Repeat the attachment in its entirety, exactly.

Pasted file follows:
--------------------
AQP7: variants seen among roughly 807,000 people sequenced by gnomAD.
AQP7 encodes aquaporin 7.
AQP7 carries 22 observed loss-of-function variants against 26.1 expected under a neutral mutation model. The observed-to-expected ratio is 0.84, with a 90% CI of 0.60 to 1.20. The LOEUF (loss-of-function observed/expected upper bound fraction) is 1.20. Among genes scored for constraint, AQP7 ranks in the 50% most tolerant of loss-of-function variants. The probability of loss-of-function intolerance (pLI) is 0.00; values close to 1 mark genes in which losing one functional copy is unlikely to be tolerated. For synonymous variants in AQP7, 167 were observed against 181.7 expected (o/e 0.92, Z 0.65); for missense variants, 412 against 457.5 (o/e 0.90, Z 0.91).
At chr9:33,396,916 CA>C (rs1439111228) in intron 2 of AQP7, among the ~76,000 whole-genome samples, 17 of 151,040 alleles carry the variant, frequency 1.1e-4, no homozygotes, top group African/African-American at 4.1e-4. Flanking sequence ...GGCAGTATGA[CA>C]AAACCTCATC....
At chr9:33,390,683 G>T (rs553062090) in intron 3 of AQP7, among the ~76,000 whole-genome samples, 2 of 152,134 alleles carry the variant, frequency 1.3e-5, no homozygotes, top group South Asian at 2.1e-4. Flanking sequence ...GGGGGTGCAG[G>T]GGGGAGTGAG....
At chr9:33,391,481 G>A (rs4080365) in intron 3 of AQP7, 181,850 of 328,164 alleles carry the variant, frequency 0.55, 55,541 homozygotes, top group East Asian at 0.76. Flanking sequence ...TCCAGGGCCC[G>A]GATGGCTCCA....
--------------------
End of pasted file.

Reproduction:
AQP7: variants seen among roughly 807,000 people sequenced by gnomAD.
AQP7 encodes aquaporin 7.
AQP7 carries 22 observed loss-of-function variants against 26.1 expected under a neutral mutation model. The observed-to-expected ratio is 0.84, with a 90% CI of 0.60 to 1.20. The LOEUF (loss-of-function observed/expected upper bound fraction) is 1.20. Among genes scored for constraint, AQP7 ranks in the 50% most tolerant of loss-of-function variants. The probability of loss-of-function intolerance (pLI) is 0.00; values close to 1 mark genes in which losing one functional copy is unlikely to be tolerated. For synonymous variants in AQP7, 167 were observed against 181.7 expected (o/e 0.92, Z 0.65); for missense variants, 412 against 457.5 (o/e 0.90, Z 0.91).
At chr9:33,396,916 CA>C (rs1439111228) in intron 2 of AQP7, among the ~76,000 whole-genome samples, 17 of 151,040 alleles carry the variant, frequency 1.1e-4, no homozygotes, top group African/African-American at 4.1e-4. Flanking sequence ...GGCAGTATGA[CA>C]AAACCTCATC....
At chr9:33,390,683 G>T (rs553062090) in intron 3 of AQP7, among the ~76,000 whole-genome samples, 2 of 152,134 alleles carry the variant, frequency 1.3e-5, no homozygotes, top group South Asian at 2.1e-4. Flanking sequence ...GGGGGTGCAG[G>T]GGGGAGTGAG....
At chr9:33,391,481 G>A (rs4080365) in intron 3 of AQP7, 181,850 of 328,164 alleles carry the variant, frequency 0.55, 55,541 homozygotes, top group East Asian at 0.76. Flanking sequence ...TCCAGGGCCC[G>A]GATGGCTCCA....